Kenyan preacher at centre of deadly doomsday cult found guilty
Paul Mackenzie, the Kenyan preacher at the centre of a doomsday cult that led to the deaths of more than 400 people, was found guilty on Friday, but not of their killings.
The senior resident magistrate in the town of Malindi, Olga Onalo, instead found Mackenzie guilty of operating a TV studio and distributing films without a licence from the Kenya Film Classification Board.
The preacher has been in police custody for more than six months now since he was arrested in April, following the discovery of hundreds of bodies in mass graves in a forested area across his 800-acre property in the coastal county of Kilifi.
Prosecutors say Mackenzie ordered his congregants to starve to death in order to meet Jesus.
However, he has not been formally charged over the deaths, despite being arraigned in court on numerous occasions since his arrest.
The Office of the Director of Public Prosecutions tweeted on Friday that Mackenzie is the “prime suspect.”
And on Friday he was acquitted of additional charges of influencing children to not attend school and using radical preaching to incite Christians against Hindus, Buddhists and Muslims.
He will be sentenced for the film-related offences on Dec. 1 and could face up to five years in prison.
On Thursday, prosecutors applied to have Mackenzie held in custody for six more months to allow police to complete their investigations which include the search for dozens of people still missing.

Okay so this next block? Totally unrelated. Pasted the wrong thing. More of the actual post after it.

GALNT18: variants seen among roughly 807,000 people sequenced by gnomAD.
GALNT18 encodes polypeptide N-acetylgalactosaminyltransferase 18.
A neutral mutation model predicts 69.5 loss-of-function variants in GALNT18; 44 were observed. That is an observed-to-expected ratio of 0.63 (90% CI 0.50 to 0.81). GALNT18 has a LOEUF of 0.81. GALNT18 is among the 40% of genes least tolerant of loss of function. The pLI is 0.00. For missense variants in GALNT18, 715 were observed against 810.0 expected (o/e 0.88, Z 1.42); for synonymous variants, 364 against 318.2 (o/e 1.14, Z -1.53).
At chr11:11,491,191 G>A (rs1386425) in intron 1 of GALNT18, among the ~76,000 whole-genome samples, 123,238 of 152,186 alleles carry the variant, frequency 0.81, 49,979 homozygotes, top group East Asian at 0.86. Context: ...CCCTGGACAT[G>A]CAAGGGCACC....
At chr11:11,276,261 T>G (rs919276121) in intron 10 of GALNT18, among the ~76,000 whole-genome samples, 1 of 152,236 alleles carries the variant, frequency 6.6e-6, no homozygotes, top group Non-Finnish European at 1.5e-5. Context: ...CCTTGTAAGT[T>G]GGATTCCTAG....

Since his arrest, there have been growing calls for the government to regulate churches in Kenya.
A Malindi court this Friday convicted Shakahola massacre prime suspect Paul Mackenzie Nthenge for illegally operating a film studio associated with his radical preaching. Senior Resident Magistrate Hon. Olga Onalo found Mackenzie guilty of conducting exhibitions of films to the public through Times Television without the approval of the Kenya Film Classification Board. He was charged with operating a filming studio and producing films without a valid filming licence from the Kenya Classification Board, contrary to Section 4 of the Films and Stage Play Act, Cap. 222 of the laws of Kenya. Hon. Onalo further found him guilty of being in possession of and distributing films that have not been classified, contrary to Section 12 of the Films and Stage Plays Act, Cap. 222. Makenzie committed both offenses jointly with others not before court on 11th January 2019 and 11th April, 2019, at Good News International Church in Malindi Township, Malindi Sub-County, within Kilifi County. In her ruling, Hon. Onalo stated that the prosecution, through Senior Prosecution Counsel Joseph Mwangi and Prosecution Counsel Kennedy Kirui proved the case against Mackenzie beyond any reasonable doubt. The court ruled that the accused failed to dislodge himself from the evidence of the four prosecution witnesses and exhibits, including videos of Mackenzie’s radical preaching. The court ruled that Mackenzie admitted that Times Television belonged to his church, Good News International, where detectives recovered DVD films containing sermons on end-time items in his office. However, the trial magistrate acquitted him of the offence of inciting children against attending school and further using the films to incite Christians against Hindus, Buddhists and Muslims based on their religion. The court also ordered that a pre-sentence report be filed by the Probation and Aftercare Services to capture the sentiments of the complainant, which is the prosecution. The prosecution was also directed to file submissions on sentencing. The case will be mentioned on 1st Dec. 2023.